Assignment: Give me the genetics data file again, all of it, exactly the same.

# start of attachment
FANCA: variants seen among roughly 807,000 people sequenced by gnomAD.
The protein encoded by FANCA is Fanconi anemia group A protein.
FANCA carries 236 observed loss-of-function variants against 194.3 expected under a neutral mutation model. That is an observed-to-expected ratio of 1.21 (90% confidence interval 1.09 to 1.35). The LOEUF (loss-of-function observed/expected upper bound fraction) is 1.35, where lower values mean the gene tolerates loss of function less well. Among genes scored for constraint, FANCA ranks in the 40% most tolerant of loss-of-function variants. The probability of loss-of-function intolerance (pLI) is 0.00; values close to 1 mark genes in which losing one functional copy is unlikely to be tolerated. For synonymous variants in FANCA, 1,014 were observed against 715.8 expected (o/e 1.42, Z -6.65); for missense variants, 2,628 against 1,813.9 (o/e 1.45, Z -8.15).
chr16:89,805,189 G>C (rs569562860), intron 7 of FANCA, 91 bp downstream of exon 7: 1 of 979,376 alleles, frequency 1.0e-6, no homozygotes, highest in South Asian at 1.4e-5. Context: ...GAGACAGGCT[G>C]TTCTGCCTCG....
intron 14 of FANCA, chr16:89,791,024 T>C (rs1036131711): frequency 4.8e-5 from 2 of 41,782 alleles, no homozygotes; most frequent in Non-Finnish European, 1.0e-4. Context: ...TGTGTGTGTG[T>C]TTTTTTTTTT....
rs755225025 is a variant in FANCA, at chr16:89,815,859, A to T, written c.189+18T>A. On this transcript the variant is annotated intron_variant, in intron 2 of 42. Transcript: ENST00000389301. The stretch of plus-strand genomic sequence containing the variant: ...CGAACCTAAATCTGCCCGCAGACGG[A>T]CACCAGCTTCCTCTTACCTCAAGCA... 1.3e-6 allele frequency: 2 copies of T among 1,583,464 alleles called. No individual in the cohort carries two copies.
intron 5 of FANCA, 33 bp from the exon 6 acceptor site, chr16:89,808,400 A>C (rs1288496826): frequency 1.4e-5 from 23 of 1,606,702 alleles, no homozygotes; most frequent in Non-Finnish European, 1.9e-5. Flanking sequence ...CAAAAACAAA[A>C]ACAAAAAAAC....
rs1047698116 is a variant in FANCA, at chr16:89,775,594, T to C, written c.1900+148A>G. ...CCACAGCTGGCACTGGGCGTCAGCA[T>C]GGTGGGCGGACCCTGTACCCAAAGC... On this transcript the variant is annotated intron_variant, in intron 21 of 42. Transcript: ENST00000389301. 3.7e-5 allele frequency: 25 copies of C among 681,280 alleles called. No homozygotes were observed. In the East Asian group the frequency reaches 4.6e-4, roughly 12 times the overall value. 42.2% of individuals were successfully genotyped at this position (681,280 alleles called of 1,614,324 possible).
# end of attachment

FANCA: variants seen among roughly 807,000 people sequenced by gnomAD.
The protein encoded by FANCA is Fanconi anemia group A protein.
FANCA carries 236 observed loss-of-function variants against 194.3 expected under a neutral mutation model. That is an observed-to-expected ratio of 1.21 (90% confidence interval 1.09 to 1.35). The LOEUF (loss-of-function observed/expected upper bound fraction) is 1.35, where lower values mean the gene tolerates loss of function less well. Among genes scored for constraint, FANCA ranks in the 40% most tolerant of loss-of-function variants. The probability of loss-of-function intolerance (pLI) is 0.00; values close to 1 mark genes in which losing one functional copy is unlikely to be tolerated. For synonymous variants in FANCA, 1,014 were observed against 715.8 expected (o/e 1.42, Z -6.65); for missense variants, 2,628 against 1,813.9 (o/e 1.45, Z -8.15).
chr16:89,805,189 G>C (rs569562860), intron 7 of FANCA, 91 bp downstream of exon 7: 1 of 979,376 alleles, frequency 1.0e-6, no homozygotes, highest in South Asian at 1.4e-5. Context: ...GAGACAGGCT[G>C]TTCTGCCTCG....
intron 14 of FANCA, chr16:89,791,024 T>C (rs1036131711): frequency 4.8e-5 from 2 of 41,782 alleles, no homozygotes; most frequent in Non-Finnish European, 1.0e-4. Context: ...TGTGTGTGTG[T>C]TTTTTTTTTT....
rs755225025 is a variant in FANCA, at chr16:89,815,859, A to T, written c.189+18T>A. On this transcript the variant is annotated intron_variant, in intron 2 of 42. Transcript: ENST00000389301. The stretch of plus-strand genomic sequence containing the variant: ...CGAACCTAAATCTGCCCGCAGACGG[A>T]CACCAGCTTCCTCTTACCTCAAGCA... 1.3e-6 allele frequency: 2 copies of T among 1,583,464 alleles called. No individual in the cohort carries two copies.
intron 5 of FANCA, 33 bp from the exon 6 acceptor site, chr16:89,808,400 A>C (rs1288496826): frequency 1.4e-5 from 23 of 1,606,702 alleles, no homozygotes; most frequent in Non-Finnish European, 1.9e-5. Flanking sequence ...CAAAAACAAA[A>C]ACAAAAAAAC....
rs1047698116 is a variant in FANCA, at chr16:89,775,594, T to C, written c.1900+148A>G. ...CCACAGCTGGCACTGGGCGTCAGCA[T>C]GGTGGGCGGACCCTGTACCCAAAGC... On this transcript the variant is annotated intron_variant, in intron 21 of 42. Transcript: ENST00000389301. 3.7e-5 allele frequency: 25 copies of C among 681,280 alleles called. No homozygotes were observed. In the East Asian group the frequency reaches 4.6e-4, roughly 12 times the overall value. 42.2% of individuals were successfully genotyped at this position (681,280 alleles called of 1,614,324 possible).